Whether you’re prepping your bug out bag with non-perishable snacks, or just finding an easy way to preserve your game meat, making Pemmican is a great choice. Pemmican is a densely packed mixture of fat and protein with an incredibly long shelf-life. Making Pemmican with game meat is a simple and fun family activity. Learn about the history of Pemmican and why it’s regaining popularity throughout North America and Europe.
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What is Pemmican?
Pemmican is a meat and fat mixture usually made from elk, bison, caribou, deer or moose. Similar to jerky, the meat used to make Pemmican must be dried with the fat removed. Remember to keep the fat however, since it must be added back into the meat at a later stage in preparation, after rendering.
Depending on the recipe you choose, (check out Alderleaf Wilderness College for some great pemmican recipes) berries or unsalted nuts can also be added. However, adding berries or anything other than the meat and fat will reduce how long it lasts in storage.
Related: Hearty Northern Venison Stew Recipe
Where Pemmican Comes From
The word Pemmican comes from the Cree language but has been a staple indigenous food for many tribes over centuries. The high-energy food was adopted by the European fur traders and explorers as they spread across North America. With harsh winters and unforgiving land, Pemmican was a lifesaving resource for these men, preventing starvation.
Because of the density and long shelf-life, like hardtack, aka survival bread, Pemmican was easy to transport in canoes or in a pack over huge distances. As a result, it has been used for hundreds of years to supply crews on long journeys across the globe, including expeditions to the North Pole and through the heart of Africa.
Related: Making Traditional Hardtack
What Was the Pemmican War?
Pemmican was so important to these men, there was an entire war fought over it! The Pemmican War (1812 – 1821) was a series of skirmishes and battles between the Hudson’s Bay Company and the North West Company. The main issue was regarding Pemmican exports and trade, coming to a head at the Battle of Seven Oaks, and also at the burning of Fort Douglas and Fort Gibraltar. By 1821, the two rival companies merged, swiftly ending the almost decade long confrontation.
Why is Pemmican Still Popular?
With refrigeration and a variety of other preservation methods available today, you might wonder: do people still make Pemmican? Yes! In fact, it’s experiencing a resurgence in popularity as preppers and homesteaders embrace the traditional way of living.
Making Pemmican with game meat gives you a reason to use up those less desirable cuts of meat that might otherwise go to waste. Since it only takes minimal preparation, it can be made in the woods over a simple fire. Plus, its shelf-life can be anywhere from a few years to a few decades, which is why preppers adore the ultimate survival food.
Steps for Making Pemmican With Game Meat
When preparing Pemmican, try to use the leanest cuts of meat possible. Large game animals such as deer, elk, moose or bison are preferable, but you can use beef if necessary. If you have any fat left from harvesting the animal, use that. If not, talk to your local butcher and buy some beef or pork fat.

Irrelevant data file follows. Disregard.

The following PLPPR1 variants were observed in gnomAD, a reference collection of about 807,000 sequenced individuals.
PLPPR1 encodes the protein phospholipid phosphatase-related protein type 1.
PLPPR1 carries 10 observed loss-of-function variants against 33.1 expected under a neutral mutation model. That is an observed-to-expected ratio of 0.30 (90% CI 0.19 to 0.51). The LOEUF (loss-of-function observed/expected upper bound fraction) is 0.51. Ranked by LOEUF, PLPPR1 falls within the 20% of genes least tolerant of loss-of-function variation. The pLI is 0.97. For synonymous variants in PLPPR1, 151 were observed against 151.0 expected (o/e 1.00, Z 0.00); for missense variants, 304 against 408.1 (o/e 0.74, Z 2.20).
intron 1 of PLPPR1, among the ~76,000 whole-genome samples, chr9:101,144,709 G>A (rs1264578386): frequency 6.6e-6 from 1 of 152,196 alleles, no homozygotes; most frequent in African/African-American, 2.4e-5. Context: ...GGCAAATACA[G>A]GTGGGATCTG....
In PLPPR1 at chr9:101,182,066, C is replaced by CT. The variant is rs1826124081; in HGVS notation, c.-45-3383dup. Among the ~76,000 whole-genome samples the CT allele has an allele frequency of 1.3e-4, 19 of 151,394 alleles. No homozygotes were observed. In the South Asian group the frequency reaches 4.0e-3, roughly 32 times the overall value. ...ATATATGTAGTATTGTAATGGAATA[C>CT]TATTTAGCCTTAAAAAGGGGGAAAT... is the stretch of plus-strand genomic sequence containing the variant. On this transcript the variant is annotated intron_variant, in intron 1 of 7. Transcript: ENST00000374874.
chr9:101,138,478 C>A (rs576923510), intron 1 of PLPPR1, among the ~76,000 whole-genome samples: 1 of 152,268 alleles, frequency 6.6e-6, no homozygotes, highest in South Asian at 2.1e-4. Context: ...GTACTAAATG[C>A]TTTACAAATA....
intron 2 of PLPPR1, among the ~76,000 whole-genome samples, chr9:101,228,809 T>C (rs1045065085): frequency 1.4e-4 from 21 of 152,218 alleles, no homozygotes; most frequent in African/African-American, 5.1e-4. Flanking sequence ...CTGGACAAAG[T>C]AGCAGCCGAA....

- Begin by slicing the meat thin, about ¼ – 1/3 of an inch thick.
- Remove any fat left on the meat, and then dry it by hanging over a fire, in the sun, in a dehydrator, or in an oven. Hanging the strips on thin branches or racks a few feet above a fire is the traditional way, but can take over 12 hours to completely dry.
- Once fully dried out, pulverize the meat into a powder. With modern conveniences, you can use a food processor or grinder to mill it into a fine powder. Alternatively, you can use a mortar and pestle or simply crush it repeatedly between stones. These options are more labour intensive but can be done off the grid without any electricity. If you are adding berries to your recipe, they need to be dried and pulverized as well.
- Prepare the fat separately by rendering it in a pot at a low temperature until it stops bubbling.
- Drain it through a strainer to remove any solids.
- Place your powdered meat and any extras you’ve added into a mixing bowl or casserole dish, and very slowly add the rendered fat. As you pour, the powder will absorb the fat, so make sure you evenly spread it throughout the mixture and it does not become too runny.
Once the fat absorbs into the powder, let the mixture sit for a few hours as it cools down and firms up. You can form the mixture into squares, or balls for storage. Squares are better for storage and maximize space more efficiently if you’re going to be carrying it in a pack. As with any preserved food, make sure you store it in an airtight vessel in a cool, dark place.
Pemmican: The Ultimate Survival Food Video
It’s no wonder Pemmican is still regarded as the ultimate survival food. Making Pemmican with game meat was how indigenous tribes and explorers were able to travel huge distances across the continent without running out of food. Preparing and storing Pemmican is easy, and a very useful skill to learn. After hunting season this fall, try making some with the family to keep in your cellar for years to come.